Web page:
WASHINGTON — Tornadoes, floods, wildfires, snowmelt, thunderstorms, drought — for Americans, it was a spring to remember.
Government weather researchers said yesterday that, while similar extremes have occurred throughout modern American history, never before have they occurred in a single month, as they did in April.
The last time anything remotely like it happened was the spring of 1927, which also had many tornadoes and flooding, said Harold Brooks of the Storm Prediction Center in Oklahoma.
The tornado outbreak, floods, and drought during April were comparable to extreme events in the past, but never so close together in recorded history, agreed Deke Arndt, chief of the climate monitoring branch at the National Climatic Data Center in Asheville, N.C.
The preliminary tornado count was 875 for April, and even after duplicates are eliminated the final total for May is expected to approach the single-month record of 542 set in 2003, Tom Karl, director of the climatic data center, said at a briefing.
The tornado death toll for the year is 536 so far, Brooks said, making 2011 the sixth-deadliest year on record. That may still rise, he added, though most annual tornado deaths occur by mid-June.
The researchers explained that April brought an active weather pattern across the 48 contiguous United States, with strong storms moving through the center of the country, tapping into moisture from the Gulf of Mexico as they matured across the mid-Mississippi Valley.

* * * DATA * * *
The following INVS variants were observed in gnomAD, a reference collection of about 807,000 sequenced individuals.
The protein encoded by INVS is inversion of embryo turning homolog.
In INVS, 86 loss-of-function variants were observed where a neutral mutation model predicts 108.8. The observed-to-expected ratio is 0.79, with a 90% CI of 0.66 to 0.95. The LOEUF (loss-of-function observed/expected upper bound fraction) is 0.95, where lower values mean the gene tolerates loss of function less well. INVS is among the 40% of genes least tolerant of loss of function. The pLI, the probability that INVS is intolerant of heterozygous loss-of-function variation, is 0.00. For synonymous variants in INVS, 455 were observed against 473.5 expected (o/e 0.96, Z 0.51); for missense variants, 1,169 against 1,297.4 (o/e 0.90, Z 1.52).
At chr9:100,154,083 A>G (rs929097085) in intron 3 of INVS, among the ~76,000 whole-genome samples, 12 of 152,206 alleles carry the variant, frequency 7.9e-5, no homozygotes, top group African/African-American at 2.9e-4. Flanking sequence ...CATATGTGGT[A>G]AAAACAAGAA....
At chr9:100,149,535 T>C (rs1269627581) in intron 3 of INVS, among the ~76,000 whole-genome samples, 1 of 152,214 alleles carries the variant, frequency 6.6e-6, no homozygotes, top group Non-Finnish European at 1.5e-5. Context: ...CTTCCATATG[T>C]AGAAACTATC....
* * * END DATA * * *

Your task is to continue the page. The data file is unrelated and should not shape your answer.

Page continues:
Contributing to the thrashing were the La Niña conditions in the Pacific Ocean, unusually warm ocean temperatures in the Gulf of Mexico, and the increase of moisture in the atmosphere caused by the warming climate.
While Karl cautioned against focusing on any single cause for the unusual events, “clearly these things interconnect,’’ he said.
Nonetheless, April lived up to poet T. S. Eliot’s description as the cruelest month, and March and May contributed to the battering.
The tally included:
■ Heavy snowmelt in the upper Midwest combined with record rains in the Ohio River Valley produced floods along the lower Mississippi River equaling or surpassing the historic floods of 1927 and 1937.
■ Ideal wildfire conditions developed across the southern plains as rainfall encouraged rapid plant growth, followed by drought and hot weather to launch still-burning fires.